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Our History

In the 1980's a "new" movement swept through the American churches: intercession. It was quite problematic for pastors because the lay people involved in this new phenomenon claimed to have their own hotline to God and weren't afraid to use it. Worse yet, they claimed to hear from God what the pastor needed to do and were quick to tell him how to run his church!!! Few pastors warmed to the concept of being led by their sheep.

Things were very messy in the '80s in most churches. Intercession as a movement was an undeniable, unstoppable force in the American expression of the Body of Christ. There were amazing things reported as a result of intercession at the same time as the lunatic fringe of the movement managed to discredit it with their antics.

I was a late joiner. The evangelical stream I was part of was even more resistant to the concepts. Nonetheless, a hand full of us in the church I attended in Southern California began exploring this whole topic and seeing what it was like to pray for people in specific ways while looking for measurable answers.

There was only one big problem: all of us were as lacking in legitimacy as a fish in a tree. We generally tried to pray in a group. Ostensibly this was because of the power of agreement, a theological idea that was being bandied around at the time. In reality, it was because each one of us was pretty sure God was not actually hearing our individual prayers. But since, as a group, we were getting answers to prayer, God clearly liked someone among us enough to listen to them and the rest of us private frauds were happy to hang on the coat tails of whoever the favored one among us might be.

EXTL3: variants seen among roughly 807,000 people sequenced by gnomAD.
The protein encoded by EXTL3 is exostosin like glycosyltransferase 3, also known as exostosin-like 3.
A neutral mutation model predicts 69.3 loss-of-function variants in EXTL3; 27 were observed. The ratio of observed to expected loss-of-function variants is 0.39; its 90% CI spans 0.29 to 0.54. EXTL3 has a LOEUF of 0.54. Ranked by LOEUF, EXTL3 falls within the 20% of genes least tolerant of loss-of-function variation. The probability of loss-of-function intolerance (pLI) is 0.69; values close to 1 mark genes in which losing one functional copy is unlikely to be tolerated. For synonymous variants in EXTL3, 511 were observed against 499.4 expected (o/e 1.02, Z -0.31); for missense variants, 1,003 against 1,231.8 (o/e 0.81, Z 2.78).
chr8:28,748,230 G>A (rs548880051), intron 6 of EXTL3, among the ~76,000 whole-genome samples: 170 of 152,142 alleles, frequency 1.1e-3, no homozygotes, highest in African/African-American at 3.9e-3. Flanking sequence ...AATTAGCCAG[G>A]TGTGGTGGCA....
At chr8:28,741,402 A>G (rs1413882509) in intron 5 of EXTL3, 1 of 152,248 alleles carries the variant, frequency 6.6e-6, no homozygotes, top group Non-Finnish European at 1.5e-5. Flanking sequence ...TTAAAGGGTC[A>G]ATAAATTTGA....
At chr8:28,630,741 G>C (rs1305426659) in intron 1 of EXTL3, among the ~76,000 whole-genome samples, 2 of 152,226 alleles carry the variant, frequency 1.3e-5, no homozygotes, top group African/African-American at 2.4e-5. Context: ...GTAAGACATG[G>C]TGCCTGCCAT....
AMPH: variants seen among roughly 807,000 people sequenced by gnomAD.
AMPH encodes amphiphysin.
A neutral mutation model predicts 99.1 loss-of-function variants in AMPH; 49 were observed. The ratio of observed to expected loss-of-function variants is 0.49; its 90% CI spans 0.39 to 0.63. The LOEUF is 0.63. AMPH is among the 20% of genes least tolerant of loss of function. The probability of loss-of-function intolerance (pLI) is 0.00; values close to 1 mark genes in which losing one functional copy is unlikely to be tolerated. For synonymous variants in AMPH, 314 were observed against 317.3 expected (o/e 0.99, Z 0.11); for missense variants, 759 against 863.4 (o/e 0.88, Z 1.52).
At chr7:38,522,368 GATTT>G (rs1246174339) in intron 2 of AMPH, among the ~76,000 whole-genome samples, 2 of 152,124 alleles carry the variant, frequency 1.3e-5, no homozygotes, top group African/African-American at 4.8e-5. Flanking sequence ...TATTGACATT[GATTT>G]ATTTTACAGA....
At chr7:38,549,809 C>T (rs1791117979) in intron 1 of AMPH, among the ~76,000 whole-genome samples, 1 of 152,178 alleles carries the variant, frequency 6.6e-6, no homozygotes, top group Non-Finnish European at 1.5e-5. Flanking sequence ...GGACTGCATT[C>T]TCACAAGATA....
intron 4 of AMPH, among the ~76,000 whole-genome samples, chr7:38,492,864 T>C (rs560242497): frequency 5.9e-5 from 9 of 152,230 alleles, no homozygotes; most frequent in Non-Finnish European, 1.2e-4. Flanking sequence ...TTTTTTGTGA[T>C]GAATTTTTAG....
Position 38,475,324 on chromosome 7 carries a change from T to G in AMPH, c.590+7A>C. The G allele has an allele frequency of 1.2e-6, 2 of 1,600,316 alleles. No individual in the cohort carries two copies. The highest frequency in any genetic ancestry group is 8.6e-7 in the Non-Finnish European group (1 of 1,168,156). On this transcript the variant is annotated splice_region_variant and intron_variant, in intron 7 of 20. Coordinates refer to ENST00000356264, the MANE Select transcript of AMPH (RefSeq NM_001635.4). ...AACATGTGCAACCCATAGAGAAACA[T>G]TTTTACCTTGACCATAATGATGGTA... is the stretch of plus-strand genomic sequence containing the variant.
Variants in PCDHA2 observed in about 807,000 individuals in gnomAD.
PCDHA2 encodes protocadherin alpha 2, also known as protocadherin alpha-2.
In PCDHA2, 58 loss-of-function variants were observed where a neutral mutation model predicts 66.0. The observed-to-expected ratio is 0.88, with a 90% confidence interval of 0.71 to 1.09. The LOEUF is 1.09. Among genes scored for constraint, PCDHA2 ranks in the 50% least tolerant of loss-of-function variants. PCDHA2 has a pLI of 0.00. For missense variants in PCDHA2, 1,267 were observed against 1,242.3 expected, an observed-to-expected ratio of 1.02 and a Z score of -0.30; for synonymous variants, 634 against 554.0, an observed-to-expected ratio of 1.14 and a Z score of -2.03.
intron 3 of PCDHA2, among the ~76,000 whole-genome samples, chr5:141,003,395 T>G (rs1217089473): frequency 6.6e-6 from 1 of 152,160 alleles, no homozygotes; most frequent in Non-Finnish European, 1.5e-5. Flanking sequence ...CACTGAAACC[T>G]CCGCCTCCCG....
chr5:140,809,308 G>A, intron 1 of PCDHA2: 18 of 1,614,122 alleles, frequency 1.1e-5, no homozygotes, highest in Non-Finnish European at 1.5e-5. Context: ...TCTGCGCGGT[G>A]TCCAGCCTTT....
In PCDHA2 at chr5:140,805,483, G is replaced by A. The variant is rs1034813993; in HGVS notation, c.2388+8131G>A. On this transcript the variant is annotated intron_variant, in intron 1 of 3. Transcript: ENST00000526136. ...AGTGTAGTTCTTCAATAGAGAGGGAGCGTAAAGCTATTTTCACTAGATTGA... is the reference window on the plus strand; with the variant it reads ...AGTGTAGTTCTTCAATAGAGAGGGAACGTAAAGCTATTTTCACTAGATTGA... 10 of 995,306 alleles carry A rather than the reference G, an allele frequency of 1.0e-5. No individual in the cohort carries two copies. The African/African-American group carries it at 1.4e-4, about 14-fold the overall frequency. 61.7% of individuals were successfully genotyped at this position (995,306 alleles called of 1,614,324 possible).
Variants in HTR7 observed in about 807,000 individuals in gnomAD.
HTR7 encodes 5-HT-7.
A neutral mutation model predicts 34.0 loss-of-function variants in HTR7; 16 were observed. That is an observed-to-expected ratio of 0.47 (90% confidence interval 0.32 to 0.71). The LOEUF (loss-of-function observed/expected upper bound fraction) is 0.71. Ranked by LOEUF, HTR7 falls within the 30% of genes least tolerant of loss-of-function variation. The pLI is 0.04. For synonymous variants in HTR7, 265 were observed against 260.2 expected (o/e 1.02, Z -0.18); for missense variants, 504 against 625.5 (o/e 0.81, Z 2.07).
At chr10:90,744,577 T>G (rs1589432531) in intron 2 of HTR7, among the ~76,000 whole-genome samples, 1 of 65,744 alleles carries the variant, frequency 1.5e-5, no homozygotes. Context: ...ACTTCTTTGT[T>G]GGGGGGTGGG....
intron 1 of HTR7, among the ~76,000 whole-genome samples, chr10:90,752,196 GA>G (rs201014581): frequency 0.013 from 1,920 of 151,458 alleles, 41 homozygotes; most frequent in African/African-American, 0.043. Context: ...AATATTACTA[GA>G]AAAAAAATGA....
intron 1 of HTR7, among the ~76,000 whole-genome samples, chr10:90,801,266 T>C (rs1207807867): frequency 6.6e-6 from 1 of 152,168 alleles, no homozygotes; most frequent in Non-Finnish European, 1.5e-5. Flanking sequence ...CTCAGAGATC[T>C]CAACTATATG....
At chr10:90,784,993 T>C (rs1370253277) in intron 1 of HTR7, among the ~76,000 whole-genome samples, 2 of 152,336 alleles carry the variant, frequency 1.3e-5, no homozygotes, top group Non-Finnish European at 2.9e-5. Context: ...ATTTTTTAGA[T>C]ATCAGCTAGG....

We were a strange group. We were bold enough and hungry enough for God's best that we would dare to explore controversial concepts in the face of religious disapproval. We were deemed by others around us to be somewhere beyond the cutting edge of Christian thought. At the same time, our insecurity was ever-present.

Out of this unlikely milieu was born Plumbline Ministries. I named the group for one simple reason. That is what Americans do. If it moves, you name it. I, at least, felt slightly more legitimate when my loose collection of friends, AKA intercessors, was named. That was in May of 1994. We had no vision, no values statement neatly printed on 3 x 5 cards and no protocol. But we had a name!

My sense of legitimacy was short lived. My experiments with intercession leaked over into the hotly debated area of deliverance. Within a year, I was called before a kangaroo court, found to be guilty of espousing untruths since Christians could not have demons and was declared persona non grata in the stream of the faith into which I had been born and grew up.

While that was quite painful at the time, in retrospect, God used it to radically accelerate my growth and to confirm my place on the radical fringe of Western Christianity. The only church I could find that would give me the time of day was in the high desert. I commuted there semi-regularly for a few years. That community had a more flagrant presence of occult practitioners and people in bondage than the more suave middle class community I had come from.

They were desperate. I was willing to experiment. We tried a bunch of stuff, learned a lot that didn't work and some that did. During that season of groping through the fog, I met some spiritual giants and some shysters. It was a gloriously messy season.

At the same time that I was getting some in-the-trenches DIY training, there were two technical shifts that forever changed the face of Christianity. First was the advent of e-mail and second was long distance phone rates dropping like a rock.